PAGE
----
Last November, our region was overcome with wildfire smoke for more than a week from the Camp Fire. Although this smoke event was unusual, Sacramento County Public Health
and the Sac Metro Air District has important information for this upcoming fire season. Learn how to get prepared before the next smoke event happens:
Air Conditioner Settings and Filters
- Look at your air conditioner’s settings for a re-circulating mode and learn how to re-circulate indoor air.
- Learn about high efficiency HEPA air filters that work with your air conditioner.
- Be sure you know how to replace your air filters.
- Have extra HEPA air filters available in your emergency kit.
Consider Getting a California Air Resources Board certified Air Cleaner to Create a Clean Room
- Portable air cleaners that are certified by the California Air Resources Board use HEPA filters to remove smoke and can be part of creating a “clean room.”
- To create a clean room, establish the room you use the most with the fewest windows and doors. Use an appropriately sized portable air cleaner for the room.
- Note: “Ozone” air cleaners should not be used for smoke as they will make the air worse.
Make A Plan for Temporary Relocation
- If you don’t have an air conditioner or a system that allows for indoor air recirculation, or for those who are sensitive to smoke, develop a plan for temporary relocation during smoke events.
- Cleaner, filtered air may be found at a public library or shopping mall.
N95 Respiratory Masks
- N95 masks should only be used as a last option. These masks may cause difficulty breathing. People with lung conditions should contact a healthcare provider before using an N95 mask.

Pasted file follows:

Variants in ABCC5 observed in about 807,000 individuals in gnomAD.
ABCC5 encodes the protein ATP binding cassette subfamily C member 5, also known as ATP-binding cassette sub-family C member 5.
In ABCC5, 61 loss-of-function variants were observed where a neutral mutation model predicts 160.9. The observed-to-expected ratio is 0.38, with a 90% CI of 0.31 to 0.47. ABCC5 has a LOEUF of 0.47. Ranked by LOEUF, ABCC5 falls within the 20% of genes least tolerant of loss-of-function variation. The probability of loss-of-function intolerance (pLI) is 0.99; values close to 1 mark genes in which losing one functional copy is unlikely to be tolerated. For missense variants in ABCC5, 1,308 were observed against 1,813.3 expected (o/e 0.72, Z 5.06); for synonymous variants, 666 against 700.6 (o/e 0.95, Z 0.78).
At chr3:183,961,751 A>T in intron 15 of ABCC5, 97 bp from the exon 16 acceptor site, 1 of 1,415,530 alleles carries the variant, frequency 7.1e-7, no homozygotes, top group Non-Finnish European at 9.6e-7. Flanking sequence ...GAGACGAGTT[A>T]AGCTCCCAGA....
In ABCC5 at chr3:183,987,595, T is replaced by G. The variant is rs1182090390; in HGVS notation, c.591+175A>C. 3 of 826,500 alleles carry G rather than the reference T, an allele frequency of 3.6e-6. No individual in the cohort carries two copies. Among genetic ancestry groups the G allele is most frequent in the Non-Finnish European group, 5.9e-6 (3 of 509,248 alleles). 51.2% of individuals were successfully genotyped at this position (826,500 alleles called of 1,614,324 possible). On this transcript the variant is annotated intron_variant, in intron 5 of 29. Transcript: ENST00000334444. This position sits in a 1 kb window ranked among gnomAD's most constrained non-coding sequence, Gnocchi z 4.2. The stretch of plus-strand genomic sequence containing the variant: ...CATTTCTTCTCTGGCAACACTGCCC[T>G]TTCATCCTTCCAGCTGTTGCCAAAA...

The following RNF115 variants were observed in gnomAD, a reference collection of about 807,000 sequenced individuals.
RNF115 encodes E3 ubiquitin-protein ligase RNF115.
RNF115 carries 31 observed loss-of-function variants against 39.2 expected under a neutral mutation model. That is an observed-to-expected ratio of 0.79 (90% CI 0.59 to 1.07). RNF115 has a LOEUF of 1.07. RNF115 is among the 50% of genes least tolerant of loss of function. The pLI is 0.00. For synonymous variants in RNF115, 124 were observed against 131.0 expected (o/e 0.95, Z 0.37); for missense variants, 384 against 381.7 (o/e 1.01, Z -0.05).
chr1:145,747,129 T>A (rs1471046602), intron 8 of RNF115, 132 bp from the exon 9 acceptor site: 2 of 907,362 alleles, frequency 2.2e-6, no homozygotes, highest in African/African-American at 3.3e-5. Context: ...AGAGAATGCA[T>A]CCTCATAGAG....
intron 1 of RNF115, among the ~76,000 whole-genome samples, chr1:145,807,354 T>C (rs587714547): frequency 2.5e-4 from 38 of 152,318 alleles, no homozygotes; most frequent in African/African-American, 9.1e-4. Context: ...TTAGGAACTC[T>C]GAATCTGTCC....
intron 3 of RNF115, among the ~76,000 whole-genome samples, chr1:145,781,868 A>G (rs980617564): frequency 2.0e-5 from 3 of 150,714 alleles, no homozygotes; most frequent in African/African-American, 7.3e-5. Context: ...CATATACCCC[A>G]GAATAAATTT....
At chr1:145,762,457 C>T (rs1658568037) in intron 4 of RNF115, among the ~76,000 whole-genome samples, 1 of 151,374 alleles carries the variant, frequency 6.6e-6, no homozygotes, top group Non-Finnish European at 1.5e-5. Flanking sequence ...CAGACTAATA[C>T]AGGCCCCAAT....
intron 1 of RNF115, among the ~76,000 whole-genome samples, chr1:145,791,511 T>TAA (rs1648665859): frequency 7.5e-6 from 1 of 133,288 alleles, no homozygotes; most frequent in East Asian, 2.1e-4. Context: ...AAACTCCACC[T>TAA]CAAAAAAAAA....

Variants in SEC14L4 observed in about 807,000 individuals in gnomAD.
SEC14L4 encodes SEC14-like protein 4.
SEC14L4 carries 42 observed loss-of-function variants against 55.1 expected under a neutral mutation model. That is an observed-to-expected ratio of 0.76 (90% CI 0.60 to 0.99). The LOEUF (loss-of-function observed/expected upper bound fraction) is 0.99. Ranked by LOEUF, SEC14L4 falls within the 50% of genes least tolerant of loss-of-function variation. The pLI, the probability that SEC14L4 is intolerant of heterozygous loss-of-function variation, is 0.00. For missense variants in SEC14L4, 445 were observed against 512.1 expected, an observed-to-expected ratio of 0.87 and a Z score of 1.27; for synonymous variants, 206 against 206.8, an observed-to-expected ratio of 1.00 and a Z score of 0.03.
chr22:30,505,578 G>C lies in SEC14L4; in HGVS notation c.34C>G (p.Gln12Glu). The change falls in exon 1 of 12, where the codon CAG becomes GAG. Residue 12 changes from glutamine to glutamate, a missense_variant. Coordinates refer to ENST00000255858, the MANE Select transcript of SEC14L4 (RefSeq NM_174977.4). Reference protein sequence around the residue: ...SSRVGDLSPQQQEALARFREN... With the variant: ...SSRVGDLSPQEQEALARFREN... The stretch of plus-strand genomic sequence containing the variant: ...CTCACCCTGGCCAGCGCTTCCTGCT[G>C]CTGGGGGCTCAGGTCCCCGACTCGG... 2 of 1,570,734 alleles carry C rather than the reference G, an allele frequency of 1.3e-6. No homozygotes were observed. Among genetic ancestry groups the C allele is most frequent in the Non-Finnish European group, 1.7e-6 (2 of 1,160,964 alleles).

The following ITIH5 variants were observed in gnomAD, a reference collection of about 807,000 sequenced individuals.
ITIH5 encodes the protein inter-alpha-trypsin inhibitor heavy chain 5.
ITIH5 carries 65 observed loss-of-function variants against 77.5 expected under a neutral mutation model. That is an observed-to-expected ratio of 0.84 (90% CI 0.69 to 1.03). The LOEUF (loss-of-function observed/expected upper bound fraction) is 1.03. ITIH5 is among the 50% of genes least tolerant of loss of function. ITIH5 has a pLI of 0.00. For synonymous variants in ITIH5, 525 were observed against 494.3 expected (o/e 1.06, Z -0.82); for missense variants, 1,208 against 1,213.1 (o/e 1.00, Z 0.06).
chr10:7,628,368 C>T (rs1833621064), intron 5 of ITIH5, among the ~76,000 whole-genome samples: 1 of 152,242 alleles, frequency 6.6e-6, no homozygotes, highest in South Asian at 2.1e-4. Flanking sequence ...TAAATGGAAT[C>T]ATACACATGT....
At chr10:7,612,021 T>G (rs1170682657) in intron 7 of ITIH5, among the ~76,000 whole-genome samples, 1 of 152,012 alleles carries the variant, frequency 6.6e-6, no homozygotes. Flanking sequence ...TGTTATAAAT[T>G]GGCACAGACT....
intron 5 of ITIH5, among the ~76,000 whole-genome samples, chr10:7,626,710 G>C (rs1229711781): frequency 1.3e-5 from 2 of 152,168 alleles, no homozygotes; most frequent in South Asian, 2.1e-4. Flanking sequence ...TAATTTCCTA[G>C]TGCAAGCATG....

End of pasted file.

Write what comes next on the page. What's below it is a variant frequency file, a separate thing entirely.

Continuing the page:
- N95 masks are not made for children.
- During smoke events, N95 masks will likely be in short supply. Add N95 masks to your home and vehicle emergency kits now, so if you have no other options, they will be available during extreme wildfire smoke events.
- Dust/surgical masks, towels and bandanas are not effective against smoke.
Make a Plan for Your Health
- Exposures to wildfire smoke particulate matter can cause respiratory tract irritation, reduced lung function, bronchitis, and worsen asthma and other pre-existing heart and respiratory conditions. Contact your healthcare provider to discuss how to manage chronic health conditions due to smoke exposure.
- Those with asthma should follow their asthma management plan.
Check out additional information to learn more about how to prepare for wildfire smoke:
Sacramento Region Air Quality Mobile App (free download in all app stores) – Air quality forecast and current readings at air monitors throughout the region.